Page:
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When desalination is the only option left

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The Water Services Corporation (WSC) has recently announced that it will construct a Seawater Reverse Osmosis Plant at Ħondoq ir-Rummien in Gozo. To the casual observer, having a reverse osmosis plant on the island might seem like a necessary and commendable way of ensuring an adequate and independent water supply. However, Gozo has been meeting its water demands efficiently through a groundwater polishing plant since 2005, importing just 20% of its water from the Ċirkewwa reverse osmosis plant, a facility that is not being used to capacity. So a pertinent question arises: why is a reverse osmosis plant being considered?

The only official justification provided for the plant is a necessity to ‘improve water quality’. This seems to be an admission of failure in the management of Gozo’s groundwater, and the Gozo polishing plant’s inability to treat groundwater to the required standard. The reality is that illegal groundwater extraction in Gozo, as in Malta, is believed to be at the same level as WSC’s own extraction, pushing totals well beyond the aquifers’ sustainable limits. This over-extraction is leading to very high chloride levels, forming a detrimental combination with high nitrate levels from over-fertilisation in agriculture. As a result, the existing polishing plant is no longer able to meet EU drinking water standards at cost-effective prices.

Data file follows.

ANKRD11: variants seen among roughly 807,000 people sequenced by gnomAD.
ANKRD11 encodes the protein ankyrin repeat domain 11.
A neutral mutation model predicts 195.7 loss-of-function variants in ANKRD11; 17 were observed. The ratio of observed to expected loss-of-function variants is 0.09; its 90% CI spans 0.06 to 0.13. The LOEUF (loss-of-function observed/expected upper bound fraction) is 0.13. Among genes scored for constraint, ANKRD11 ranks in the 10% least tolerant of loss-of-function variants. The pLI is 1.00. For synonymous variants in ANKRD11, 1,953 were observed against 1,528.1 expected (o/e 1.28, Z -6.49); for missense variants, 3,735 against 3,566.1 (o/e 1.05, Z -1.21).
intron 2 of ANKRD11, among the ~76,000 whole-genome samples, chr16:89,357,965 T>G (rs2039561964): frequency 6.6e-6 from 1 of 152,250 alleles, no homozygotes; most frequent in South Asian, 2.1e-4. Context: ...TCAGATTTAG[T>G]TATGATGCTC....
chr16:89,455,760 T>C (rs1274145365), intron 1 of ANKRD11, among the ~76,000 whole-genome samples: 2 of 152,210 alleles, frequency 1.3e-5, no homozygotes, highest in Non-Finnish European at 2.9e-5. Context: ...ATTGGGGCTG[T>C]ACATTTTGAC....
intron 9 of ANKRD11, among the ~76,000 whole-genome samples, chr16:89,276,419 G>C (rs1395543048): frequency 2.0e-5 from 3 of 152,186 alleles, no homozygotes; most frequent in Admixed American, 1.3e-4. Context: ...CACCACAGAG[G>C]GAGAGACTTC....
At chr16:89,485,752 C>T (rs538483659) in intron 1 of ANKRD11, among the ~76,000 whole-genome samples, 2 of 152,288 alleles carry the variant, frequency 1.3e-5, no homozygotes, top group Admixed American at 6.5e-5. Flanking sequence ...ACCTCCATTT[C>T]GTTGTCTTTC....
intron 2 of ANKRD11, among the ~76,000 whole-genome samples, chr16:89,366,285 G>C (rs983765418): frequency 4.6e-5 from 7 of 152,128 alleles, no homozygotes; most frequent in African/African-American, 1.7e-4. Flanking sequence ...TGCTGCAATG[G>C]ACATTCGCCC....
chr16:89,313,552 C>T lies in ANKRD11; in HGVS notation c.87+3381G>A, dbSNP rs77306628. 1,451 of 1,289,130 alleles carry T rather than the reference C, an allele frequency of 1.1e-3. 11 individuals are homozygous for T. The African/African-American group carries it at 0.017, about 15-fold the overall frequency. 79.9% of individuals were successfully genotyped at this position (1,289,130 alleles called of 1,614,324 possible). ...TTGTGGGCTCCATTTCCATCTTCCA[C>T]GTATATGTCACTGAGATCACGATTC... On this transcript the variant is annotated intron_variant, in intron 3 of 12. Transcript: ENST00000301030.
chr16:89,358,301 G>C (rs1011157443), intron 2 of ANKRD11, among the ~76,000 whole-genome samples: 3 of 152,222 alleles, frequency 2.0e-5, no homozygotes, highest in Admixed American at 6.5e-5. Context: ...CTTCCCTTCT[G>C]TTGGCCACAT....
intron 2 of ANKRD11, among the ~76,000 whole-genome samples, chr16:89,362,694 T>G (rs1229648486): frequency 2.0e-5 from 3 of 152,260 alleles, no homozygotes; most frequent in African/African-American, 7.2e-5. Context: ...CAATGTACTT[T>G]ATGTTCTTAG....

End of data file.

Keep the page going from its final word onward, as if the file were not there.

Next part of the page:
Now, rather than dealing with the rampant, unsustainable extraction of groundwater and creating a holistic plan for the management of our aquifers, the country’s water authorities are geared towards slapping a band-aid on the problem. Their solution: ignore the abuse of groundwater and increase desalination capacity. However, desalination is far from the miracle cure. It is important to point out that production of fresh water by reverse osmosis costs six to eight times that of groundwater. We should also severely question the decision to push forward with a desalination project in the absence of a strategic national water plan. In one of the most water-poor countries in the world, a total lack of management and planning is seeing the islands hurtle towards total reliance on fossil fuel-dependent seawater desalination. There is little incentive to collect, safeguard, and make sustainable use of rain and groundwater. The Maldives islands are a bitter lesson we must learn from.

In the Maldives, over-exploitation of the aquifers in the small, water-poor islands led to reliance on desalination and a severe water crisis in December 2014 when a fire broke out in their largest reverse osmosis plant. With no other water supply, bottled water had to be flown in from India. Malta does not want to be in this situation. Water sustainability is an area that needs urgent attention from government bodies. It also needs the support of citizens who will ultimately be the ones to suffer the dire consequences of the current situation. A local water plan and an agricultural plan for Malta and Gozo are both still missing and long overdue. 

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